BJP President Amit Shah with party supporters in Chennai, July 9, 2018(PTI)
BJP President Amit Shah with party supporters in Chennai, July 9, 2018(PTI)

The right allies in Tamil Nadu could boost the BJP’s prospects in 2019

While officially the DMK is part of the UPA, the BJP will be hoping to lure it away, as it has a lesser set of problems than its main opponent, the AIADMK
UPDATED ON AUG 28, 2018 06:34 PM IST

The deaths of J Jayalalithaa and M Karunanidhi within 20 months of each other and the elevation of MK Stalin as president of the DMK have upturned old certainties and ushered in a new era of possibilities in Tamil Nadu’s politics. The BJP does not want to repeat the mistakes of 2004, when the DMK walked out of its alliance in TN, cutting short its hopes of retaining power again at the Centre.

The BJP also realises that it is difficult to repeat the kind of sweep it managed in 2014 in several western and northern states, especially if the Opposition parties come together. So apart from the eastern part of the country, it has set its sights on Tamil Nadu with its 39 seats.

Until now, Tamil Nadu has been a hard nut to crack as far as the BJP goes. Most parties in the state have held true to the Dravidian ideology with its anti-upper caste and anti-Hindi position. Except for winning the odd seat such as Kanyakumari or Coimbatore in alliance with a regional party, the BJP has faltered in the state.

However, circumstances have changed now and with politics being as fluid as it is in the state, the BJP is hoping to get a foot in the door.

The ruling AIADMK , without any charismatic vote catcher, is split down the middle. The EPS-OPS faction, which is in power, is more of an aggregation of district-level satraps without a strong leader. The AMMK, the splinter faction led by TTV Dhinakaran, may get the support of the Mukkulathor (Thevar) community concentrated in the central and southern districts of the state, the traditional supporters of the AIADMK.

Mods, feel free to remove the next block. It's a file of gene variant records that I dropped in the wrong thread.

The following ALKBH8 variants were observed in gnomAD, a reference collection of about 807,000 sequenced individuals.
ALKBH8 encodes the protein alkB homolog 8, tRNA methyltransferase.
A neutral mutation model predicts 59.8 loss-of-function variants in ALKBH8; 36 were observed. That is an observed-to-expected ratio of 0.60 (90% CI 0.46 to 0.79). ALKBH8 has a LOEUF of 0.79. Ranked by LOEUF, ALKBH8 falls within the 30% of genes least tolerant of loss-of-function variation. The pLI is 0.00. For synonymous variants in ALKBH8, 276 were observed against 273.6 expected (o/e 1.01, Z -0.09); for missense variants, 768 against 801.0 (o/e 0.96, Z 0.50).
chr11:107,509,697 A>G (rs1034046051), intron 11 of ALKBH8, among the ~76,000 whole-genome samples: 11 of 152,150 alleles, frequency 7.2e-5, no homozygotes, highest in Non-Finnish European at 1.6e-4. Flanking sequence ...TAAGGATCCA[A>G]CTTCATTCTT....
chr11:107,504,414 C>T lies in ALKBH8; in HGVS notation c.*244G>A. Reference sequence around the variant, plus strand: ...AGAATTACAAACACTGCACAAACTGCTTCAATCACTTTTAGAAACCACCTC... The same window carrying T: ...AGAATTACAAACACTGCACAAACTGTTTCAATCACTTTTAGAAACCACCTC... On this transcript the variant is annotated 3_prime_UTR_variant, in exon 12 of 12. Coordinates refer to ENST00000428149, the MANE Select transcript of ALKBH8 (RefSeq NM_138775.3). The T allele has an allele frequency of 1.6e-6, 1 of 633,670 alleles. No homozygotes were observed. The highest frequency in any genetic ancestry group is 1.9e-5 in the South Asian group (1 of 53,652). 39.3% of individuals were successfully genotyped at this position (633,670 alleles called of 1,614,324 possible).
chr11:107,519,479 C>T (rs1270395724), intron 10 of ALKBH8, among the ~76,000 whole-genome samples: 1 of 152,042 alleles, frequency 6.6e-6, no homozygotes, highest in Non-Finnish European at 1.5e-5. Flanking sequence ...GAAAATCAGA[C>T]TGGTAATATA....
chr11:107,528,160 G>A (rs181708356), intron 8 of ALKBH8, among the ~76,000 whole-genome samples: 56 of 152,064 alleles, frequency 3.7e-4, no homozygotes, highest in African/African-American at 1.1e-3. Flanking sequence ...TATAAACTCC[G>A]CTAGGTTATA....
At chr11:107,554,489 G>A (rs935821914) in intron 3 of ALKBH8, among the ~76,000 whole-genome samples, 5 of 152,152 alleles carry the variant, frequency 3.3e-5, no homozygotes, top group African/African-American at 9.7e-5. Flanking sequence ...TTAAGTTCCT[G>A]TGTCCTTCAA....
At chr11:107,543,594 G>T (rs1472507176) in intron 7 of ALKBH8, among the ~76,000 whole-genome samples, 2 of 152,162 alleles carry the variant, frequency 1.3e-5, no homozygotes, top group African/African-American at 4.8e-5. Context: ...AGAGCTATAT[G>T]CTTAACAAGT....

The other pole in state politics, the DMK, is hobbled by sibling rivalry. Though Stalin is now in command of the party, it is still unclear what impact his estranged brother Azhagiri will have on the party if he decides to float another party or align with an existing formation.

While officially the DMK is part of the UPA, the BJP will look to lure it away; it is, currently, a more attractive option than a beleaguered AIADMK.

The two Tamil superstars-turned-politicians, Kamal Hassan and Rajinikanth, are electoral novices. While Kamal has made it clear that he will have no truck with the BJP, Rajini is still sitting on the fence.

Smaller parties like the PMK, the VCK and the MDMK will seek to align with the winning coalition. For the BJP, the right ally is crucial in realising its ambition of coming back to power in 2019 . This lends urgency to the search for a pre-poll alliance.

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